During the Covid19 lockdown, workers had little choice but to work from home if it was at all possible.
At present, flexible work has come into the spotlight and is being considered a good option, for women workers in particular.
But what are the Pro and Cons of working from home for women?
One of the attractions is being able to look after the family while keeping a paid job. And also cutting down on travelling time to and from work.
But would the lines between home and work became blurred? Would there be extra physical and mental burdens placed on women?
Looking forward to your comments .
There are potential problems and I can see that the more one is involved in the household and the people likely to be in the house (as most women are) the harder it will be to manage your time. I worked from home for years long before it was so common and I did not have most of those additional responsibilities and it was still hard sometimes.
I found that while you can embrace the flexibility that you can gain there still needs to be structure and order. With little (in my case being self-employed none) structure imposed you have to make your own. I needed to plan my day to make the best of it. This meant satisfying clients, getting jobs done by deadline but also nipping out for an extra surf when the swell was up and the wind offshore or fixing the blocked drain before a flood happened. Even if you don’t get dressed or bathed getting up and starting each work day is important.
With small children in the house it will be very hard to concentrate on any item of work unless they are asleep. I think this is going to work much better once they go to school, then the day falls into a schedule and getting work done between (say) 9 and 3 becomes possible. I suppose for some it becomes sensible to employ child minders much as those who go out to work do. Unless the problem is solved one way or another I don’t see any chance of success as both parenting and work will suffer. As for all the other duties of the homemaker they can be scheduled or wait. That means if a child or spouse leaves a mess you might have to just shut the door and pretend it isn’t there. Let’s not get lost in the issue of men taking some of the housework off their wives when the wives return to work as that applies for all types of work.
Being housebound is another problem. Many people are not good at working alone, they need interpersonal contact and will suffer if they don’t get it. Many people who take the role of homemaker relish getting out of the house sometimes just to have an adult conversation, or any at all. I did not have the problem as my work was very immersive, I needed to set the alarm to stop and stretch and take a break, not all work is like that. Even so looking at the inside of the same four walls has its limits.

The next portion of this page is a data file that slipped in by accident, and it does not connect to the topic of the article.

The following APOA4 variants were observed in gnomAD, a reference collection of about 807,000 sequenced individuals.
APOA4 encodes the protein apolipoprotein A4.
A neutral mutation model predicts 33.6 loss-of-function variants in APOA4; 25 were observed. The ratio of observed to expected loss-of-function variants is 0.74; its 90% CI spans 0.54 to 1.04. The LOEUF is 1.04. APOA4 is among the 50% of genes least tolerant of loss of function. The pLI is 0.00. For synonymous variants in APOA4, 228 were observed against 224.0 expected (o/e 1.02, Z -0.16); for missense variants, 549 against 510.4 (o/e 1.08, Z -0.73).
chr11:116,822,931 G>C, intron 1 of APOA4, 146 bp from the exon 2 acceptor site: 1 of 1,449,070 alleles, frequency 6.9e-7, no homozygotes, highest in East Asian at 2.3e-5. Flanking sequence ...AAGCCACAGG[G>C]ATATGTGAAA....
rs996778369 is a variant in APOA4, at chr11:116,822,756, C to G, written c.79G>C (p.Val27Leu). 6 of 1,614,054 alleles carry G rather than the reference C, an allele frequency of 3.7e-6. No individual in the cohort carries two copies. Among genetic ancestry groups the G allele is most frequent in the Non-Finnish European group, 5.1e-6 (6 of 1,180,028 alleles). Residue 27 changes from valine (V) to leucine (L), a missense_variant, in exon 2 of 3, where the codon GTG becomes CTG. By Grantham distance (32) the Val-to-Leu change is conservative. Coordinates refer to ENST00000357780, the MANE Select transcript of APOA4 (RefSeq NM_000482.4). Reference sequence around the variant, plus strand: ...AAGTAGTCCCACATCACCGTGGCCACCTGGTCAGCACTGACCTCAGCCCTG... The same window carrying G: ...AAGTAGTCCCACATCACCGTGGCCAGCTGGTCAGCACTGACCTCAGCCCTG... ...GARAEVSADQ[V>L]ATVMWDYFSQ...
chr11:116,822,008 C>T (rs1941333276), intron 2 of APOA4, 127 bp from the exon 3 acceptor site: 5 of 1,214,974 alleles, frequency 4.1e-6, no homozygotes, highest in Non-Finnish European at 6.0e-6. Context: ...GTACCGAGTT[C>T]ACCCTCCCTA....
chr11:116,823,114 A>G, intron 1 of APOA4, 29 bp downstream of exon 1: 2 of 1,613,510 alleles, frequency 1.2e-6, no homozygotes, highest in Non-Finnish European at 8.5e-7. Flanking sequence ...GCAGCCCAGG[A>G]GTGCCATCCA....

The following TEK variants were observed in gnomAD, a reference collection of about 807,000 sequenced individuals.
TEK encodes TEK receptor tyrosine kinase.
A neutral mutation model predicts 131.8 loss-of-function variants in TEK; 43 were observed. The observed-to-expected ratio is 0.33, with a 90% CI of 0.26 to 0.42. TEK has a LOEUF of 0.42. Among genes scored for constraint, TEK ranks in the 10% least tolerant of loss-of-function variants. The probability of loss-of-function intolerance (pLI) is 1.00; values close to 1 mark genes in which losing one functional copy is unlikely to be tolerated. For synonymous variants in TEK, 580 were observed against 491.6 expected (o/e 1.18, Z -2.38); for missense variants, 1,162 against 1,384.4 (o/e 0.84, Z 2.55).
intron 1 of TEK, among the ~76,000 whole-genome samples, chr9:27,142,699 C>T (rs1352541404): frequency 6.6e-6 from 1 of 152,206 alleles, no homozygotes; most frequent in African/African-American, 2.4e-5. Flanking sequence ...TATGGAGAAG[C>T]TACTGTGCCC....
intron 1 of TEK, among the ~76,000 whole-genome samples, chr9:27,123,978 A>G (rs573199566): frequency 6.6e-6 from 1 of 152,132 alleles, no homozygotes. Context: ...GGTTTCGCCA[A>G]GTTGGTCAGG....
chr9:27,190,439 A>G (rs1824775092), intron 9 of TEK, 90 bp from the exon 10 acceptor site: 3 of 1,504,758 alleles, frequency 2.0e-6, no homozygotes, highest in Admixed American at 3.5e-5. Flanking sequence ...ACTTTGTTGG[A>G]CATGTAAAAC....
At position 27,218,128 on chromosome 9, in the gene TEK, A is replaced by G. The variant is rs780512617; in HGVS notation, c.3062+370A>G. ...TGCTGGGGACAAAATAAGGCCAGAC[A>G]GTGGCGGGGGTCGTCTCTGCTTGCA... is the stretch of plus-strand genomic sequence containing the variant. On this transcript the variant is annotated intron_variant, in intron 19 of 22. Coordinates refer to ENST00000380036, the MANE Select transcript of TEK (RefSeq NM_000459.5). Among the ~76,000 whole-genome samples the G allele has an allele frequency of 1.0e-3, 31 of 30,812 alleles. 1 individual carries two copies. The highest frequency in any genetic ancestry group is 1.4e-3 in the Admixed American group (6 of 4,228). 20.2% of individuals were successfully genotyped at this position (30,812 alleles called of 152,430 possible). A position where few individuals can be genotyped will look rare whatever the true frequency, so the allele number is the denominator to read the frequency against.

Here’s an idea; morning tea clubs for those in the street who work from home. Get to know your neighbours, you may find other benefits.
That’s what I was thinking of too,
getting out to go to a paid job can be a safety valve for some women.
Isolation can be a burden, as well as being available to constant demands from family. Maybe a mix of working from home and going to the workplace a few days a week?
And (horror) what if the workplace would become a ‘male only’ place?
Long before the pandemic work from home became commonplace, I worked for very large international IT company, lets call them Big Blue.
They only provided enough office space for half the workers, so working from home at least a few days a week was normal, and encouraged.
They provided all the equipment, and paid for all the communications costs.
It was a system that worked very well.
The systems were all in place but in some cases there was hesitancy to implement, for various reasons. The Pandemic made it necessary in most Australian cities and @anon97293279 feels it might lead to a reassessment of the number of workers needed and possibly going offshore with remote work. What do you think @Gregr?
@Gaby, the IT systems I supported were located all over Australia and NZ. Some were in the US and Asia.
The coworkers I dealt with were located all over the place. My manager for a few years was in QLD, with me in VIC.
The payroll support people were in the Phillipines, the process management teams in India, and high-level technical support in the US.
Made no difference where I worked from as long as I had a connection to the Internet and my laptop. Could have done my job from a yacht in the Whitsundays, or a tent in the mountains with a satphone.
It’s more likely we have already outsourced to OS based contractors the majority of those jobs. For the jobs that remain in ‘Stray-ya’ do they require a degree of local knowledge, and from time to time personal interaction?
Where business needs a more personal experience, there is always Zoom etc as a substitute for face to face.
Currently Australia has a ‘half baked’ NBN. This might limit the opportunities to specific economic groups. It is most likely to disadvantage families in rural and regional Australia. IE where the NBN service is useless, the demands around schooling more onerous, and child care options few or nil. It’s also our experience that small regional communities often have fewer opportunities for meaningful paid employment. Something being more able to work from home could remedy.